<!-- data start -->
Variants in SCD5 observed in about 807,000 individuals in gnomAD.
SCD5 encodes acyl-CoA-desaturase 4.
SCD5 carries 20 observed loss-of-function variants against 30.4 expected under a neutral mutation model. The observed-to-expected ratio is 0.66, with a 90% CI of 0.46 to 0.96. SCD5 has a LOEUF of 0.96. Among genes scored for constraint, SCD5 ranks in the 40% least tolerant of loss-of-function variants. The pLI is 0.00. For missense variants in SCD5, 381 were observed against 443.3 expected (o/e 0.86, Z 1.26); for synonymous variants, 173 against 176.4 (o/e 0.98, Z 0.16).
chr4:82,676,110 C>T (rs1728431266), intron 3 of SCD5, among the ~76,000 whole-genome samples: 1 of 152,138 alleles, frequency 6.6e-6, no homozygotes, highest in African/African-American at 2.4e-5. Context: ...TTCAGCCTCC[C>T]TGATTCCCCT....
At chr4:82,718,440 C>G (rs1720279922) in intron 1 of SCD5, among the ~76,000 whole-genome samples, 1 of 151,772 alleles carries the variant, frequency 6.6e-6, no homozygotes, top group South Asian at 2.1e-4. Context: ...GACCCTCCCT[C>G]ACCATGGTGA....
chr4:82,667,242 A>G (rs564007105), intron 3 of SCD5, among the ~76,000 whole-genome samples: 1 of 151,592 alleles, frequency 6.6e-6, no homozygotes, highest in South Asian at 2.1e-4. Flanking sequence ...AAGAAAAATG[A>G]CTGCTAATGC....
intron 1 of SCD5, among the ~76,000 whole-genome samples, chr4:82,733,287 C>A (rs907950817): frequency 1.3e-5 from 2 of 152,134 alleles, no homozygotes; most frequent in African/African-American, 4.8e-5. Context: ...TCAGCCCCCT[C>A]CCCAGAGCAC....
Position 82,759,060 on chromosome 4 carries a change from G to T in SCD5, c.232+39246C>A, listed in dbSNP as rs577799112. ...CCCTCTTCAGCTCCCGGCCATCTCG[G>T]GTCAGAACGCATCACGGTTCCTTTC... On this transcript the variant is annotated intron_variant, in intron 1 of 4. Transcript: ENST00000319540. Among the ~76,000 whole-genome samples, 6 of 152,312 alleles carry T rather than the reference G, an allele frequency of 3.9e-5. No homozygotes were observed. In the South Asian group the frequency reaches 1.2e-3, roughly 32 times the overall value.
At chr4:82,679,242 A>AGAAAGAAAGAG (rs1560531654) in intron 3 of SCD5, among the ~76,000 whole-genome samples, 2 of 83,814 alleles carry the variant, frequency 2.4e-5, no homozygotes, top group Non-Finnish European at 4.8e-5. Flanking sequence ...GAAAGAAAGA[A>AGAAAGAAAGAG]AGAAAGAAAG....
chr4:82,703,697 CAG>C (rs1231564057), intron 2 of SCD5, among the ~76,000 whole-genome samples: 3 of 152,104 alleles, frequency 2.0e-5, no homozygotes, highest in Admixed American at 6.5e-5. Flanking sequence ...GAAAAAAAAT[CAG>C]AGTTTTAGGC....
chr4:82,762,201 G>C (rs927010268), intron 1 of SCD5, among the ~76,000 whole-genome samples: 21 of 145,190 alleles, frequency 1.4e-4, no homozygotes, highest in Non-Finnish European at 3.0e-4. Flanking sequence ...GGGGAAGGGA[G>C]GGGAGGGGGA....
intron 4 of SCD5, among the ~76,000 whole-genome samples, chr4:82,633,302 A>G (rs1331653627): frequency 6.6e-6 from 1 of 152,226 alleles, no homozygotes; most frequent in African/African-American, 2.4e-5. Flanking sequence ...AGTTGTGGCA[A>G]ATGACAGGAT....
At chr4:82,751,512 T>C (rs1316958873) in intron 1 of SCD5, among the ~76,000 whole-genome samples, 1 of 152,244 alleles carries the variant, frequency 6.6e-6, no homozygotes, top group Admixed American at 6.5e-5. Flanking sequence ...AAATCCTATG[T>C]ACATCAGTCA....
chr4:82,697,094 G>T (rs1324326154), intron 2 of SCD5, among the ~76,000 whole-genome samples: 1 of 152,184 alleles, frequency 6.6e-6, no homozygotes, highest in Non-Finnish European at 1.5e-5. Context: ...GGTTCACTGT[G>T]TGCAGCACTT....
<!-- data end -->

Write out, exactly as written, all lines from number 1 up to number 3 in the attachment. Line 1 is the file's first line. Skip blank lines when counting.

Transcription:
Variants in SCD5 observed in about 807,000 individuals in gnomAD.
SCD5 encodes acyl-CoA-desaturase 4.
SCD5 carries 20 observed loss-of-function variants against 30.4 expected under a neutral mutation model. The observed-to-expected ratio is 0.66, with a 90% CI of 0.46 to 0.96. SCD5 has a LOEUF of 0.96. Among genes scored for constraint, SCD5 ranks in the 40% least tolerant of loss-of-function variants. The pLI is 0.00. For missense variants in SCD5, 381 were observed against 443.3 expected (o/e 0.86, Z 1.26); for synonymous variants, 173 against 176.4 (o/e 0.98, Z 0.16).